JACKSONVILLE, Fla. (AP) — Accepting a spot in the Gator Bowl was easy for Rutgers. Getting there proved much more daunting.
The Scarlet Knights, a late substitution for Texas A&M in Friday’s game against 20th-ranked Wake Forest, spent several days trying to land a charter flight for the trip and eventually needed two to get everyone to Jacksonville.
In the meantime, suggestions poured in: Take a train. Rent a cruise ship.
Even after the flight came together, players and a few coaches were forced to wait 2½ hours on a tarmac in Newark, New Jersey, to finally take off.
“Literally, when the wheels got off the ground, I said, ‘All right, this is official. We’re doing it,’” coach Greg Schiano recalled Thursday. “I promised these guys we’re coming down and we’re letting it hang out.”
Winning the game might be the biggest challenge.
The Demon Deacons (10-3) have one of the nation’s most potent offenses. They average a school-record 41.9 points, which ranks second in the Atlantic Coast Conference and fifth in the nation.
Led by quarterback Sam Hartman and a dynamic receiving duo of Jaquarii Roberson and A.T. Perry, they have scored at least 21 points on every opponent this season – more than 40 eight times – and now face a Rutgers team that averages 20.5 a game.
“The explosiveness on every play is probably the biggest challenge to defend,” Hartman said.
That task became even tougher when the bowl game, usually a monthlong affair complete with three weeks of practices, became a quick turnaround.
Texas A&M pulled out because of a lack of available players due to injuries, opt-outs, transfers and COVID-19 issues. The NCAA gave Rutgers the first shot at filling the void because it had the highest Academic Progress Rate score of all the country’s 5-7 teams.
Schiano hastily gathered his players from Christmas break and held two practices in a heated bubble before heading south. They got in two more in nearby Ponte Vedra Beach this week.
“We didn’t win enough games to be bowl-eligible,” Schiano said. “We own that. But what we need to know is the work they did in the classroom is what allowed them to be first up when an opportunity opened. I tell them all the time, ‘There are no coincidences.’ You reap what you sow.”
This is Rutgers’ first bowl appearance since 2014.
Wake Forest, meanwhile, is trying to win 11 games for just the second time in the program’s 114-year history. It would help the Demon Deacons reach their 2021 goal of “going from good to great.”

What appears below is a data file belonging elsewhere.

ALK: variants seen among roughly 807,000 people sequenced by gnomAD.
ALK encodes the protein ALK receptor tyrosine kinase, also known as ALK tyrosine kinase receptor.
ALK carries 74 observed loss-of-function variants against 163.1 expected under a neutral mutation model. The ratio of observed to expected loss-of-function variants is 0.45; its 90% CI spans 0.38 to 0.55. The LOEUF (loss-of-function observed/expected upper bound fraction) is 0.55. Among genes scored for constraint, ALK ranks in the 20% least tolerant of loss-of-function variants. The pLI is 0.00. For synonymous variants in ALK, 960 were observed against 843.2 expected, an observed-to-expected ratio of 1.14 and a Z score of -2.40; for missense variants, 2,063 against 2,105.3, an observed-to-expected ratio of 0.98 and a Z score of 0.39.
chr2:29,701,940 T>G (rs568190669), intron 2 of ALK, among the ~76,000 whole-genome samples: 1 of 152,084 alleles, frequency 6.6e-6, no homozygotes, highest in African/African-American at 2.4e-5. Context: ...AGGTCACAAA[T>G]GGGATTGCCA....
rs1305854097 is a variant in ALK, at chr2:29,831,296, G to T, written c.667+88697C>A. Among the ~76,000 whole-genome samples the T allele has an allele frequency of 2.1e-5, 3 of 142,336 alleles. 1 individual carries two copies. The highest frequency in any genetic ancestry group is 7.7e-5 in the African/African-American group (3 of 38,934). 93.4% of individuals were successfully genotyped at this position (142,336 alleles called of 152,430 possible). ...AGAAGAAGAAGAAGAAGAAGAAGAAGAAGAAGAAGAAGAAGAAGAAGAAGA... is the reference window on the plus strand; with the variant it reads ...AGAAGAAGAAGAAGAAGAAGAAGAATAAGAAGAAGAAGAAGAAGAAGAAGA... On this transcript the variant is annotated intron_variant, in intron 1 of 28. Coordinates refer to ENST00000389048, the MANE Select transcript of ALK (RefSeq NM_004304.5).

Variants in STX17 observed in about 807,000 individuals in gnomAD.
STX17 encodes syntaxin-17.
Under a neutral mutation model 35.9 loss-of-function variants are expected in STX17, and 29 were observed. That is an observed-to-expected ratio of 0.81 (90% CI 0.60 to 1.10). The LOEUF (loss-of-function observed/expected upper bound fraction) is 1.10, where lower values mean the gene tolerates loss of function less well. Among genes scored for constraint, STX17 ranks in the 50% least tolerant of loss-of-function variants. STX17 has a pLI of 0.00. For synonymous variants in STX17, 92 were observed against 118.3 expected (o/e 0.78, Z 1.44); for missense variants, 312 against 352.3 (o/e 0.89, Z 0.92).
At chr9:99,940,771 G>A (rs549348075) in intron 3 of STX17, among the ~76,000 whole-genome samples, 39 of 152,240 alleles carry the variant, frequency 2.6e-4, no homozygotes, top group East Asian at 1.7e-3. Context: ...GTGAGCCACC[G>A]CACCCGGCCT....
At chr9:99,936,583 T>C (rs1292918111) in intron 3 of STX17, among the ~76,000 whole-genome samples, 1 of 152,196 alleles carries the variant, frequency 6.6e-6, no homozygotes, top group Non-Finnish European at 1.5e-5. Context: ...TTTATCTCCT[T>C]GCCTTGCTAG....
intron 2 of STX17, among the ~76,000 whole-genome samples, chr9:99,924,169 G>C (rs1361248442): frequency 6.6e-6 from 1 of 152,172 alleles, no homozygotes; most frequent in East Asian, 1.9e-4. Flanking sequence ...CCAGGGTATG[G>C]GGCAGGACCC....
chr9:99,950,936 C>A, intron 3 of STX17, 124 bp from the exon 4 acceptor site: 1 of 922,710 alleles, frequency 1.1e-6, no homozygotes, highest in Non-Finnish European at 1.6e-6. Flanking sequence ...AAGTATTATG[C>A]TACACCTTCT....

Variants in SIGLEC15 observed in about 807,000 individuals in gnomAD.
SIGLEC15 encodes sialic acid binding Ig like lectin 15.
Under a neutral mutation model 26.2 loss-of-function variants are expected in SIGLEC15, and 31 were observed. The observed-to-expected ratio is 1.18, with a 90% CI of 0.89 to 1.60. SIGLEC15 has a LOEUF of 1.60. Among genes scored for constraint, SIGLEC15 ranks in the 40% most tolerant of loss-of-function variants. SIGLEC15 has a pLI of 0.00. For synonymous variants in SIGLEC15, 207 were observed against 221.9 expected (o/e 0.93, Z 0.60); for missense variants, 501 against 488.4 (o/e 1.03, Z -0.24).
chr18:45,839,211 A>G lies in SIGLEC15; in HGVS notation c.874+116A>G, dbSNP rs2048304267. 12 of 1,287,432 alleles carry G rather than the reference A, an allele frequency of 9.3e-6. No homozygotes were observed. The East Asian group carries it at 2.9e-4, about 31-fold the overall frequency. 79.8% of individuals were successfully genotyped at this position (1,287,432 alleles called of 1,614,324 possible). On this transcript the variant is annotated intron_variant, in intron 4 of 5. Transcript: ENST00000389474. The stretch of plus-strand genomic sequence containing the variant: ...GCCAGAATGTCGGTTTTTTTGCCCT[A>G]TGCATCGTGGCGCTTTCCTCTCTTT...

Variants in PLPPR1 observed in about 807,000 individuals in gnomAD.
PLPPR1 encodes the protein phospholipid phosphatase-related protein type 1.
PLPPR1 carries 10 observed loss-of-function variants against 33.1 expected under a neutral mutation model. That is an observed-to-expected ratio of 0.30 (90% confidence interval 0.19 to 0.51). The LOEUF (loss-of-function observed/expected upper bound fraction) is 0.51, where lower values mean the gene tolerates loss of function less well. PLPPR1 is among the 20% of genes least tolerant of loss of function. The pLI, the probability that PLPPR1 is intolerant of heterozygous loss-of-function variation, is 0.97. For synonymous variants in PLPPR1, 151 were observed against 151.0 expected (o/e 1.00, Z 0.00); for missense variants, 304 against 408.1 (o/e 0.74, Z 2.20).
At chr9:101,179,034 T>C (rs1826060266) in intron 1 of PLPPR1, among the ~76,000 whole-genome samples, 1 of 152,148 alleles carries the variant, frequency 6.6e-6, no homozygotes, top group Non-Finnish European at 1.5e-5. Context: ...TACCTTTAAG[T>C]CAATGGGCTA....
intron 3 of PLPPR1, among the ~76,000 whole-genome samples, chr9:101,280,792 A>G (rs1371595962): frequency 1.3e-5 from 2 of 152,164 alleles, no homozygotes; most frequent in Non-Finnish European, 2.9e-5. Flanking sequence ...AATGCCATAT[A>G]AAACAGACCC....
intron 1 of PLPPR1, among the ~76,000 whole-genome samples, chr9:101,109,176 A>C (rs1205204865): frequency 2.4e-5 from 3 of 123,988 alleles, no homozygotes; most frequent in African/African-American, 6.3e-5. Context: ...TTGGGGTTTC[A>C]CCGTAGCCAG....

“It was a really aggressive motto,” linebacker Luke Masterson said. “It wasn’t something that we had done in the past. I think when we put that out there, and the whole ACC looked at that, and if we didn’t accomplish going from good to great, we would have looked pretty stupid.”
Rutgers punter Adam Korsak traveled the farthest to get to the bowl game. The Aussie had arrived back home in Sydney when he got through customs, turned on his cellphone and started getting blown up with texts urging him to “come back, come back.”
“Well, it’s not that easy, guys,” he thought.
He booked a flight back to the United States, was forced to quarantine for three days and show proof of two negative COVID-19 tests taken a day apart before heading to Jacksonville.
“It’s a lot of flying, but obviously it’s worth it,” said Korsak, a finalist for the Ray Guy Award.
A bonus for Korsak: Rutgers is staying at the Sawgrass Marriott, home of The Players Championship. He’s a huge golf fan and got to walk the famed 17th island green.
“I’m still buzzed from that,” he said.
Schiano and Wake Forest’s Dave Clawson formed a friendship decades ago and remain close enough that they call each other during the offseason for advice.
Longtime coaches born a year apart and growing up in the Northeast, Clawson asked Schiano to do an assessment of every aspect of Wake Forest in 2014, the year after Schiano was fired by the NFL’s Tampa Bay Buccaneers.
“I think we’re both grinders,” Clawson said. “I think he’s one of the best coaches in all of college football. He’s one of the smartest, brightest coaches I’ve ever met, and I just have a ton of respect for him.”
Hartman is known for his hair, his dark brown locks that often seem in perfect place even when peeking out from under his helmet. When asked how his long locks were holding up in the Florida humidity, he responded:
“I don’t know. You tell me,” he said with a smile.
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